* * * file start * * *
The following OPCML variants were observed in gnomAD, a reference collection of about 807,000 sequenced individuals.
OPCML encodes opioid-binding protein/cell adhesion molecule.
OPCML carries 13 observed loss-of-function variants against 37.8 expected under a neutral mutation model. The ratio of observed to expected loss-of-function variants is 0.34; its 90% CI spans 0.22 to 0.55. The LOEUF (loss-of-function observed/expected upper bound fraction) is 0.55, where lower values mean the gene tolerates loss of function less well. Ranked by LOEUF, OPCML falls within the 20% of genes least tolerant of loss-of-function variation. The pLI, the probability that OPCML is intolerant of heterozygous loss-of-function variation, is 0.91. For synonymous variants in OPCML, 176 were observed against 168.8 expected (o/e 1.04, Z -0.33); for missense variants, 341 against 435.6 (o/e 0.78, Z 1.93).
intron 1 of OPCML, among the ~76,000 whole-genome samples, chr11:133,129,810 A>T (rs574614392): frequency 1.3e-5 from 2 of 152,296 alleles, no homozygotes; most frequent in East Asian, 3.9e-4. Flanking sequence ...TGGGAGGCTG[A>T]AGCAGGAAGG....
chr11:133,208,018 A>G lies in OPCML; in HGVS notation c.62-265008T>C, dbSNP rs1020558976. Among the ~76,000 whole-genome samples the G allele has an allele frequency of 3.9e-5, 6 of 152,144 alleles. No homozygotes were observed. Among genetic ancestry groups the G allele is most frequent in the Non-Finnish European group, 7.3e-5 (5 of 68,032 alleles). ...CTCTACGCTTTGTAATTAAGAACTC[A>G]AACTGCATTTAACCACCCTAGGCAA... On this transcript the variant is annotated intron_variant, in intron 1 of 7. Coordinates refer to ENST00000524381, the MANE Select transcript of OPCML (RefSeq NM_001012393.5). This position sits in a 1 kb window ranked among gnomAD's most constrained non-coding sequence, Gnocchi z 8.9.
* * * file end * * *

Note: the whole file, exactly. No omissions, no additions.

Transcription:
The following OPCML variants were observed in gnomAD, a reference collection of about 807,000 sequenced individuals.
OPCML encodes opioid-binding protein/cell adhesion molecule.
OPCML carries 13 observed loss-of-function variants against 37.8 expected under a neutral mutation model. The ratio of observed to expected loss-of-function variants is 0.34; its 90% CI spans 0.22 to 0.55. The LOEUF (loss-of-function observed/expected upper bound fraction) is 0.55, where lower values mean the gene tolerates loss of function less well. Ranked by LOEUF, OPCML falls within the 20% of genes least tolerant of loss-of-function variation. The pLI, the probability that OPCML is intolerant of heterozygous loss-of-function variation, is 0.91. For synonymous variants in OPCML, 176 were observed against 168.8 expected (o/e 1.04, Z -0.33); for missense variants, 341 against 435.6 (o/e 0.78, Z 1.93).
intron 1 of OPCML, among the ~76,000 whole-genome samples, chr11:133,129,810 A>T (rs574614392): frequency 1.3e-5 from 2 of 152,296 alleles, no homozygotes; most frequent in East Asian, 3.9e-4. Flanking sequence ...TGGGAGGCTG[A>T]AGCAGGAAGG....
chr11:133,208,018 A>G lies in OPCML; in HGVS notation c.62-265008T>C, dbSNP rs1020558976. Among the ~76,000 whole-genome samples the G allele has an allele frequency of 3.9e-5, 6 of 152,144 alleles. No homozygotes were observed. Among genetic ancestry groups the G allele is most frequent in the Non-Finnish European group, 7.3e-5 (5 of 68,032 alleles). ...CTCTACGCTTTGTAATTAAGAACTC[A>G]AACTGCATTTAACCACCCTAGGCAA... On this transcript the variant is annotated intron_variant, in intron 1 of 7. Coordinates refer to ENST00000524381, the MANE Select transcript of OPCML (RefSeq NM_001012393.5). This position sits in a 1 kb window ranked among gnomAD's most constrained non-coding sequence, Gnocchi z 8.9.